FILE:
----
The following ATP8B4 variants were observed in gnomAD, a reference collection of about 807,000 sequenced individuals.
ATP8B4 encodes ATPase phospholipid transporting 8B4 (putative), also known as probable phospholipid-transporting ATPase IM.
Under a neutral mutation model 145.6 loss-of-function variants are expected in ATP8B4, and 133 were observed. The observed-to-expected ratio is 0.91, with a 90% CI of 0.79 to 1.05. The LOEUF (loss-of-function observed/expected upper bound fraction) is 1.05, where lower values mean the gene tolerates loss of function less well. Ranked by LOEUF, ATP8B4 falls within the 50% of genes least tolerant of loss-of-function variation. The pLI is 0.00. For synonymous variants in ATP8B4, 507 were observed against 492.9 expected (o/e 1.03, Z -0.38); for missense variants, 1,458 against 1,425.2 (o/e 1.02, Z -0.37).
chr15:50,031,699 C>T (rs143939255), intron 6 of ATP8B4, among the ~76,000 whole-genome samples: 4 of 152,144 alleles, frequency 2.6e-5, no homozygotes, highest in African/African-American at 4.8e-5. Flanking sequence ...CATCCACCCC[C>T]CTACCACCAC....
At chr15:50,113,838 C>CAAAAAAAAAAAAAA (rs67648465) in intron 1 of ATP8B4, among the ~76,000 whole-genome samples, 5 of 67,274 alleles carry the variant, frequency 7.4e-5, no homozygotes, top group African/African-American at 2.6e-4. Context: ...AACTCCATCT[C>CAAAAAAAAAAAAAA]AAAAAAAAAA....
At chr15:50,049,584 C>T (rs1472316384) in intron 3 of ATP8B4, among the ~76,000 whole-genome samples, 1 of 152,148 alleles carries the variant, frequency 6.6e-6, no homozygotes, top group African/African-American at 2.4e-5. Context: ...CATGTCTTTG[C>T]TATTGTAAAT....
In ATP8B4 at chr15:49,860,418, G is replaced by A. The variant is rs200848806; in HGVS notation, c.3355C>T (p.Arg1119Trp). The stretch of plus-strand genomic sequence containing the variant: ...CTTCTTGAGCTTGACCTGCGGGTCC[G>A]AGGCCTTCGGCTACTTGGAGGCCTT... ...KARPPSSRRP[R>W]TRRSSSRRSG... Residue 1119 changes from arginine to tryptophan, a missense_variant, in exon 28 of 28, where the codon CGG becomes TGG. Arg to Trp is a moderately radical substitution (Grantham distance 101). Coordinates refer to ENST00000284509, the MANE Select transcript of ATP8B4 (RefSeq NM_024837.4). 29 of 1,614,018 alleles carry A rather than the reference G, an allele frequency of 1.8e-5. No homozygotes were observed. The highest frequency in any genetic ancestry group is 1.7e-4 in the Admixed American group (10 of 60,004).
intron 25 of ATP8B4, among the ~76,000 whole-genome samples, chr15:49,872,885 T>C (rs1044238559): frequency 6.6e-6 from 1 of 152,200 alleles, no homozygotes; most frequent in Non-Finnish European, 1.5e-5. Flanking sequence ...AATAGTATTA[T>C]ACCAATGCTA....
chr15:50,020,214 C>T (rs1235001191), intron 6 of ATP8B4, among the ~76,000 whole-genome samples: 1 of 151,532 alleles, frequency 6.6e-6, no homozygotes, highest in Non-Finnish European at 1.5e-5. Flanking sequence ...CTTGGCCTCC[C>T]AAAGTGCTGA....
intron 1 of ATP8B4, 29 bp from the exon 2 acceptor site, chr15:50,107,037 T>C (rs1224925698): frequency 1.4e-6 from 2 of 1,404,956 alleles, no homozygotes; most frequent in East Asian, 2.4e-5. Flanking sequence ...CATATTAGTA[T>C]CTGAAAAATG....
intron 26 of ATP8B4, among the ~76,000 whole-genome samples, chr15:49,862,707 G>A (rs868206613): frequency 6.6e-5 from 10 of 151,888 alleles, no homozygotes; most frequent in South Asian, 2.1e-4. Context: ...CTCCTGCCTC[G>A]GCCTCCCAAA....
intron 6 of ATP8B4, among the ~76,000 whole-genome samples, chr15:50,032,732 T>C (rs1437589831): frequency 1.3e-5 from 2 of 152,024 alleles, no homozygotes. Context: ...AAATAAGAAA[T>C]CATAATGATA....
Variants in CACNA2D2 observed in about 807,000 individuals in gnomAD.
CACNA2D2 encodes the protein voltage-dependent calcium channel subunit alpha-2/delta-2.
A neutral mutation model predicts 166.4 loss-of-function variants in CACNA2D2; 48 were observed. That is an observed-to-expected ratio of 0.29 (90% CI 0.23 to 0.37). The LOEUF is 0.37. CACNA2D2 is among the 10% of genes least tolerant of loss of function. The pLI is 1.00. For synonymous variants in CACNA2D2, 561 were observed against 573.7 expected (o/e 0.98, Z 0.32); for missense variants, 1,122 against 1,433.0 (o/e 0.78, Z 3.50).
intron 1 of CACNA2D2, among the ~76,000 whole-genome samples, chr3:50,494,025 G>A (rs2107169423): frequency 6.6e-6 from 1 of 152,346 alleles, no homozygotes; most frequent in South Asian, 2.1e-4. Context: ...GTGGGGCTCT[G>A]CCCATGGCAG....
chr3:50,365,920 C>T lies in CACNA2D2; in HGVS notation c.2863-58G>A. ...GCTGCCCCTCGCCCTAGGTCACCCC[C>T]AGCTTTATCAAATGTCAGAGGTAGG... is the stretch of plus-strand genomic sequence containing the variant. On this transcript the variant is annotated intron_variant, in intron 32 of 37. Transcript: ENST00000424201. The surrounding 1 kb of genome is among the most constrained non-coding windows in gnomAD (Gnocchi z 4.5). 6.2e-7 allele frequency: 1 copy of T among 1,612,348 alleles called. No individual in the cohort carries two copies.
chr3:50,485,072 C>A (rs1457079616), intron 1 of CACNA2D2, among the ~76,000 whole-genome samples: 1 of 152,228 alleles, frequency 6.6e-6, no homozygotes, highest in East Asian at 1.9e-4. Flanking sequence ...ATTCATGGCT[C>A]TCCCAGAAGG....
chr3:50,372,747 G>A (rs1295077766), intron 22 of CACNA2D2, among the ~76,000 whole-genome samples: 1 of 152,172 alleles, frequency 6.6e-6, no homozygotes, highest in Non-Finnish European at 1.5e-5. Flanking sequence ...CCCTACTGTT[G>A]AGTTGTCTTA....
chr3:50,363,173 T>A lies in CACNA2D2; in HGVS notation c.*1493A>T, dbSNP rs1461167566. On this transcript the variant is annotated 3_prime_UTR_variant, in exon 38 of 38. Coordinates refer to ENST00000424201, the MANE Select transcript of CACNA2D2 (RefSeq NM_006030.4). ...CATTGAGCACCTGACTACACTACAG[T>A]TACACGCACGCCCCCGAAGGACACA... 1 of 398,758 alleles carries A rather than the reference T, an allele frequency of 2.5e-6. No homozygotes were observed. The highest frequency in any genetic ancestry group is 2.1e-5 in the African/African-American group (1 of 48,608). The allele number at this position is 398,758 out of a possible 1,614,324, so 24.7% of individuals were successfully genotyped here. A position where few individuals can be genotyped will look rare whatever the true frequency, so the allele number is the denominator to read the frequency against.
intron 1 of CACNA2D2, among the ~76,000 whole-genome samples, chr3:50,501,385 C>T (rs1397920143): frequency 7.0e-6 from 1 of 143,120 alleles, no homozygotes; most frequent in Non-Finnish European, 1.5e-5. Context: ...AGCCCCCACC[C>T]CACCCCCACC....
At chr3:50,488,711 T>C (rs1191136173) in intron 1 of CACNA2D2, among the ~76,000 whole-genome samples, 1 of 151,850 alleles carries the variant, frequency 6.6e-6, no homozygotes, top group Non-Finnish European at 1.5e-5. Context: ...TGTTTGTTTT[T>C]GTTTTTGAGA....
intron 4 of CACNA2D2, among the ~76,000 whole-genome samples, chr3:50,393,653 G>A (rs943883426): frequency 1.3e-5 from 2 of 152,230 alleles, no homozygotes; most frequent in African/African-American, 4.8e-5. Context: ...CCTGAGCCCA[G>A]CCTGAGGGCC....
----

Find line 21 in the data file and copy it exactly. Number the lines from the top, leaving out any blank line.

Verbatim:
intron 1 of CACNA2D2, among the ~76,000 whole-genome samples, chr3:50,501,385 C>T (rs1397920143): frequency 7.0e-6 from 1 of 143,120 alleles, no homozygotes; most frequent in Non-Finnish European, 1.5e-5. Context: ...AGCCCCCACC[C>T]CACCCCCACC....